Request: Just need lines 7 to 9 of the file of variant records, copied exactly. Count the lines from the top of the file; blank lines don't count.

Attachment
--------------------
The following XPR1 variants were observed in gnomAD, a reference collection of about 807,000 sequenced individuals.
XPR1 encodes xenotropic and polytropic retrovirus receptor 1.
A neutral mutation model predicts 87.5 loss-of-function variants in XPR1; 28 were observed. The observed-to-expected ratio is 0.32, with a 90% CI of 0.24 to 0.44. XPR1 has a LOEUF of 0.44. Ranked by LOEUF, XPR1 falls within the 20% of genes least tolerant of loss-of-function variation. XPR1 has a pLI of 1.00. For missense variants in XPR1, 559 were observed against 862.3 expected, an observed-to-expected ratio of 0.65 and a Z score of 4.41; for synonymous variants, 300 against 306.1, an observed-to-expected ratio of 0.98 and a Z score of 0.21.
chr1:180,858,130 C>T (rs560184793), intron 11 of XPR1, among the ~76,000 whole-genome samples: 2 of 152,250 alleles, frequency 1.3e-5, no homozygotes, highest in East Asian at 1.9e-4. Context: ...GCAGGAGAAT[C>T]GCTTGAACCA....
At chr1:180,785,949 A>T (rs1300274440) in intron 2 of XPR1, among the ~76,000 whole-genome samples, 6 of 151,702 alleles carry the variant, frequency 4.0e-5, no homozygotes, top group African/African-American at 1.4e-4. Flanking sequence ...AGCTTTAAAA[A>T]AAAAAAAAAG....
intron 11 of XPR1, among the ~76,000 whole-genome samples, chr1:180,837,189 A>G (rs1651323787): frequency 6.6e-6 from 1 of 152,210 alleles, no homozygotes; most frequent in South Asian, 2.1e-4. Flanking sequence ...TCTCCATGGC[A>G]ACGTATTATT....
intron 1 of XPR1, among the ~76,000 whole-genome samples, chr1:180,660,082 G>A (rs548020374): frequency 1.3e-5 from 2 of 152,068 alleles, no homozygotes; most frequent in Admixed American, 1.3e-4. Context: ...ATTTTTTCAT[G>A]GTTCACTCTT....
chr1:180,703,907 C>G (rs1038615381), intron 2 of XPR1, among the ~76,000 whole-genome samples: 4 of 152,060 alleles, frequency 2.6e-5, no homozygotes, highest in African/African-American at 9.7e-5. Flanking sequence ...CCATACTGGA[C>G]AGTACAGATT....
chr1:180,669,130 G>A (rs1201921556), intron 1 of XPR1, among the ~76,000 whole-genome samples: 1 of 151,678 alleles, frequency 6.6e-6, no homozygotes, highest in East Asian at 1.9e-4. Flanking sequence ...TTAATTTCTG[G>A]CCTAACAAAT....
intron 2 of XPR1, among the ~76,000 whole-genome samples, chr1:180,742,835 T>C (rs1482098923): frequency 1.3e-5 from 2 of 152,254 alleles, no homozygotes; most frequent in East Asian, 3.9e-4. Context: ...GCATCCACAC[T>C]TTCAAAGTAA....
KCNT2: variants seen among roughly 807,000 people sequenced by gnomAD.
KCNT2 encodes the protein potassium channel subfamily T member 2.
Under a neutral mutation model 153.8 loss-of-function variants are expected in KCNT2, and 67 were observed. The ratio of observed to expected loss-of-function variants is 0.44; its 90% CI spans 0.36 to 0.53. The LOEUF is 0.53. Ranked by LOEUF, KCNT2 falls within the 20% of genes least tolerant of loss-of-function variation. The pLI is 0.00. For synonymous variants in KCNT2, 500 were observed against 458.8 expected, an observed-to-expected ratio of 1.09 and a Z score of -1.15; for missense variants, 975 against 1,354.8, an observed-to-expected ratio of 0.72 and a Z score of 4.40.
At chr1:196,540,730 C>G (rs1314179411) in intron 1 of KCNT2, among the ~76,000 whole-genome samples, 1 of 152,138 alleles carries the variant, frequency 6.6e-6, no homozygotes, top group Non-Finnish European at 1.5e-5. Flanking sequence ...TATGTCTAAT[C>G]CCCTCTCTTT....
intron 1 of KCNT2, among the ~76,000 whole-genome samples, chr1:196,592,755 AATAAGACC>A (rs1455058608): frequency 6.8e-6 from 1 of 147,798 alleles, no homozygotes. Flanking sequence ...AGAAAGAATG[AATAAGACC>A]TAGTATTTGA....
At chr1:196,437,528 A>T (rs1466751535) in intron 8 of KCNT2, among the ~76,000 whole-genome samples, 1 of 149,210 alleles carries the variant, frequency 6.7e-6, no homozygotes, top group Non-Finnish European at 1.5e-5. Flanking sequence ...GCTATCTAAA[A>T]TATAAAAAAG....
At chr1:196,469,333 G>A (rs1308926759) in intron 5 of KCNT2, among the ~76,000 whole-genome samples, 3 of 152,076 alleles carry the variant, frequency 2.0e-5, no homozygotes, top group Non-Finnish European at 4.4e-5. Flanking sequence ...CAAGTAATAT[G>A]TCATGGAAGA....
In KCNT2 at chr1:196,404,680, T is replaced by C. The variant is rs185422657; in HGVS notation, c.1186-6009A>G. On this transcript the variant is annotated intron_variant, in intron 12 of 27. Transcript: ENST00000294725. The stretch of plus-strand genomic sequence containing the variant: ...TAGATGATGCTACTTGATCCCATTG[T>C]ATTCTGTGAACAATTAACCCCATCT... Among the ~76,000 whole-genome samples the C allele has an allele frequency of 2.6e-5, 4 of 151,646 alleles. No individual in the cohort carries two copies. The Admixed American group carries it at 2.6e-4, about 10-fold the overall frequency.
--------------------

intron 1 of XPR1, among the ~76,000 whole-genome samples, chr1:180,660,082 G>A (rs548020374): frequency 1.3e-5 from 2 of 152,068 alleles, no homozygotes; most frequent in Admixed American, 1.3e-4. Context: ...ATTTTTTCAT[G>A]GTTCACTCTT....
chr1:180,703,907 C>G (rs1038615381), intron 2 of XPR1, among the ~76,000 whole-genome samples: 4 of 152,060 alleles, frequency 2.6e-5, no homozygotes, highest in African/African-American at 9.7e-5. Flanking sequence ...CCATACTGGA[C>G]AGTACAGATT....
chr1:180,669,130 G>A (rs1201921556), intron 1 of XPR1, among the ~76,000 whole-genome samples: 1 of 151,678 alleles, frequency 6.6e-6, no homozygotes, highest in East Asian at 1.9e-4. Flanking sequence ...TTAATTTCTG[G>A]CCTAACAAAT....